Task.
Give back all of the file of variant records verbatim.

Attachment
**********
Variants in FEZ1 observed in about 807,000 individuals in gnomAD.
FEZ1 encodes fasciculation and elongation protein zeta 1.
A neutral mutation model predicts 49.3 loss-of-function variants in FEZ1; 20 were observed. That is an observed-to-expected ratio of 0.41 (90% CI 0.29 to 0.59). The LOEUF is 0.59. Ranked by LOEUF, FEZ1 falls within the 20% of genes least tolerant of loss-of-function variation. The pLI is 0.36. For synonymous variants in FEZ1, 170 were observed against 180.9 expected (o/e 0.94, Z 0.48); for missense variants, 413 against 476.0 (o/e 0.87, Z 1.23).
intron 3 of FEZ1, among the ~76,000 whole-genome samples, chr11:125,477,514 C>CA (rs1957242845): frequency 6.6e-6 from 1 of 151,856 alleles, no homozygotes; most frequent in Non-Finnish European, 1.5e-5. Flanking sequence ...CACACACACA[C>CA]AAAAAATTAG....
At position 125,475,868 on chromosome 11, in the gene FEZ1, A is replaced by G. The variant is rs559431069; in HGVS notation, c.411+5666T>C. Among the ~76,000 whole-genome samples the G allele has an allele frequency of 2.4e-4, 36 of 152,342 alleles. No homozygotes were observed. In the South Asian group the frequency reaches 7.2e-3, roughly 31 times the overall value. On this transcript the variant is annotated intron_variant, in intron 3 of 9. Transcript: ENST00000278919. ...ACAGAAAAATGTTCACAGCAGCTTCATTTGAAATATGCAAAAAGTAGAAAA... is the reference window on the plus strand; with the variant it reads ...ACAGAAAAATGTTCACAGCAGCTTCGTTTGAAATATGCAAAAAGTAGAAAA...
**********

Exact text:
Variants in FEZ1 observed in about 807,000 individuals in gnomAD.
FEZ1 encodes fasciculation and elongation protein zeta 1.
A neutral mutation model predicts 49.3 loss-of-function variants in FEZ1; 20 were observed. That is an observed-to-expected ratio of 0.41 (90% CI 0.29 to 0.59). The LOEUF is 0.59. Ranked by LOEUF, FEZ1 falls within the 20% of genes least tolerant of loss-of-function variation. The pLI is 0.36. For synonymous variants in FEZ1, 170 were observed against 180.9 expected (o/e 0.94, Z 0.48); for missense variants, 413 against 476.0 (o/e 0.87, Z 1.23).
intron 3 of FEZ1, among the ~76,000 whole-genome samples, chr11:125,477,514 C>CA (rs1957242845): frequency 6.6e-6 from 1 of 151,856 alleles, no homozygotes; most frequent in Non-Finnish European, 1.5e-5. Flanking sequence ...CACACACACA[C>CA]AAAAAATTAG....
At position 125,475,868 on chromosome 11, in the gene FEZ1, A is replaced by G. The variant is rs559431069; in HGVS notation, c.411+5666T>C. Among the ~76,000 whole-genome samples the G allele has an allele frequency of 2.4e-4, 36 of 152,342 alleles. No homozygotes were observed. In the South Asian group the frequency reaches 7.2e-3, roughly 31 times the overall value. On this transcript the variant is annotated intron_variant, in intron 3 of 9. Transcript: ENST00000278919. ...ACAGAAAAATGTTCACAGCAGCTTCATTTGAAATATGCAAAAAGTAGAAAA... is the reference window on the plus strand; with the variant it reads ...ACAGAAAAATGTTCACAGCAGCTTCGTTTGAAATATGCAAAAAGTAGAAAA...